I have two enclosed spaces where I took measurements. Small Room 1 is (12ft * 16ft * 8ft) and small Room 2 is closer in shape to a square (13ft * 15ft* *8ft). The dimensions look similar but the placement of the speaker is different. Small Room 1 has the speakers on the short 12ft wall and Small Room 2 places the speakers on the long 15ft wall.
Depending on the layout of the room, you may not have a choice of walls. A door is going to make one wall unusable and if the door is in a corner, two walls may become un-usable. If you are setting up the system in a room that was specifically designed as bedroom, you may have another door to the bathroom that may take out another wall. Closets can also make a wall unusable. These are the factors that drove the speaker placement on the longer wall in Small 2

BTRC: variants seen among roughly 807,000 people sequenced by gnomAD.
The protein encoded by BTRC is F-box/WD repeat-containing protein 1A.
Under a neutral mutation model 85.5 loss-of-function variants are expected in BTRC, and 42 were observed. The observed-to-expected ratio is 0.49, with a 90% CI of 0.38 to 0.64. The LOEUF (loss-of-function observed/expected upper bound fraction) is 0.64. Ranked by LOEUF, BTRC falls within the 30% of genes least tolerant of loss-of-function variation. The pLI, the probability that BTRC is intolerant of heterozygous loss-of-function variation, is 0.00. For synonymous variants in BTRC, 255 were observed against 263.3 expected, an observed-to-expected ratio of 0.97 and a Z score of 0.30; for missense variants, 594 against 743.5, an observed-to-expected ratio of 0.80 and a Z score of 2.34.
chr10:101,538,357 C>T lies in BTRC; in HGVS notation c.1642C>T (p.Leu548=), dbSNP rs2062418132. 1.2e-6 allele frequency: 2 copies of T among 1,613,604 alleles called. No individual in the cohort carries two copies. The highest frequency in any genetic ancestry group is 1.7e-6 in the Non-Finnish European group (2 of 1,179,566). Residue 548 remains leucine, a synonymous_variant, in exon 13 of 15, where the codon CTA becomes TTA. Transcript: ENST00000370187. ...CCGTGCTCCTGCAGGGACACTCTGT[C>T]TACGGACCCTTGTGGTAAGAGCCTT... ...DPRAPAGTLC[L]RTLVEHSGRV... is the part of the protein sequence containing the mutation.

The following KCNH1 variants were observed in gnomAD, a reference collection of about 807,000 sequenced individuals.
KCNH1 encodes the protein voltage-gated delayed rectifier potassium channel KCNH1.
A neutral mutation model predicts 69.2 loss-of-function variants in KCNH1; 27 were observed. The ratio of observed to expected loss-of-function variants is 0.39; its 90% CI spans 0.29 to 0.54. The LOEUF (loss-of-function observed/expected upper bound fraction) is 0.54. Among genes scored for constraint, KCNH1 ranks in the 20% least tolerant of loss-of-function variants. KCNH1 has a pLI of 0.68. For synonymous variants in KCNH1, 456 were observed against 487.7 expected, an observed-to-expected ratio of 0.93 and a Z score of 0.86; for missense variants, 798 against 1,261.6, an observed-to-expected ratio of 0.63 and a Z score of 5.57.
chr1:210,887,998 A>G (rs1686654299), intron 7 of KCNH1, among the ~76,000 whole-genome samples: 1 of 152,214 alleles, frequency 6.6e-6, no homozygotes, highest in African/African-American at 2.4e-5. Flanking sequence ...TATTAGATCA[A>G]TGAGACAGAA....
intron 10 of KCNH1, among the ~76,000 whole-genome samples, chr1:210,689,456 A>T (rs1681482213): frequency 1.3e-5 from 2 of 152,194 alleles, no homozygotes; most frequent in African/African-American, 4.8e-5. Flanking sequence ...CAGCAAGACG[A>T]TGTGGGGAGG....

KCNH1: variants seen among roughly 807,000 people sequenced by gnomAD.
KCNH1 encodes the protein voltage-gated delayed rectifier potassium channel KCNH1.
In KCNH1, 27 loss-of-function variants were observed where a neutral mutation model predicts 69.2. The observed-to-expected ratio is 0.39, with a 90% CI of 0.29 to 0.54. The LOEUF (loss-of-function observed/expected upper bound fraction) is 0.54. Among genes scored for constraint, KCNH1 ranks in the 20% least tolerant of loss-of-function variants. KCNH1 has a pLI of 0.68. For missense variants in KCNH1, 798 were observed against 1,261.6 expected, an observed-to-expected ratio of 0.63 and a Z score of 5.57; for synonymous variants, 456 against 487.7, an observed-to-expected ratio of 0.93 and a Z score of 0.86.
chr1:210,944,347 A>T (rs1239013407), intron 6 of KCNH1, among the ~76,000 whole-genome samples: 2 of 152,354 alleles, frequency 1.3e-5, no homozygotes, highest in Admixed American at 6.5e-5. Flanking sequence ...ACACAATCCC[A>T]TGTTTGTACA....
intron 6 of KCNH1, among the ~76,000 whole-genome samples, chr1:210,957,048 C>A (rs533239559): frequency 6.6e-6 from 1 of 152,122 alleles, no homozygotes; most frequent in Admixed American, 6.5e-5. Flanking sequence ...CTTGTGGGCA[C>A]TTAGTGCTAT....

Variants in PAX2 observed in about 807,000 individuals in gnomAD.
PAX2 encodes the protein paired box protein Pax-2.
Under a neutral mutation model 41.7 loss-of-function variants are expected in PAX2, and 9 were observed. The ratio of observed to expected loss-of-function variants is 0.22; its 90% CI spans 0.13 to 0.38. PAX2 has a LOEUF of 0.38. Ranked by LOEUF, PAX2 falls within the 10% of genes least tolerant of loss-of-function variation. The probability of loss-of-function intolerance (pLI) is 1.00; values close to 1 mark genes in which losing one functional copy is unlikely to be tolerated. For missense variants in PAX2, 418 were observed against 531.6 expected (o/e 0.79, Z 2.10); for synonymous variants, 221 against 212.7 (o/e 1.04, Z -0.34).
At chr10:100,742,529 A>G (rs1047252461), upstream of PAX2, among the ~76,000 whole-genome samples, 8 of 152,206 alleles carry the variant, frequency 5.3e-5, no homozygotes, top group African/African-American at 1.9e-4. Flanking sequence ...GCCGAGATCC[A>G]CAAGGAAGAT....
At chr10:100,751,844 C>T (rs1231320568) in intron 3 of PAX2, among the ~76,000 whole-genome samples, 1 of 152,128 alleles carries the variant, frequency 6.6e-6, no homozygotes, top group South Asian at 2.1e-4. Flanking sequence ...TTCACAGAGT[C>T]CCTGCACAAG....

The key to getting excellent sound out of most speakers, including the M106, is keeping the speaker to listening distance to at least 9ft. If you are lucky and have a short wall, this is what you want to use. When the speaker is on the short wall, you have plenty of room to keep the speaker from the front wall and the seat from the back wall.
In most cases, I find moving closer to a single speaker and playing a mono source results in a subjective impression of the high end being a little hotter. The sound also appears to be localizable around the tweeter. The M106 does not appear to be special with respect to exhibiting these phenomena. All speakers I had access to that were equal or larger than the M106 exhibited it. If you do this test, you have to compensate for level differences. The level will increase about 3dB as you move for 9ft to 6ft.
After I did this test, which was not blind, and thus not reliable, I made quasi-anechoic measurements of the M106, with the seat moved from 5ft back to 9ft in 1ft increment. Above 1.5kHz, the limit of a quasi-anechoic measurement at 9ft, the curves were offset in level but showed almost no change in frequency response at all.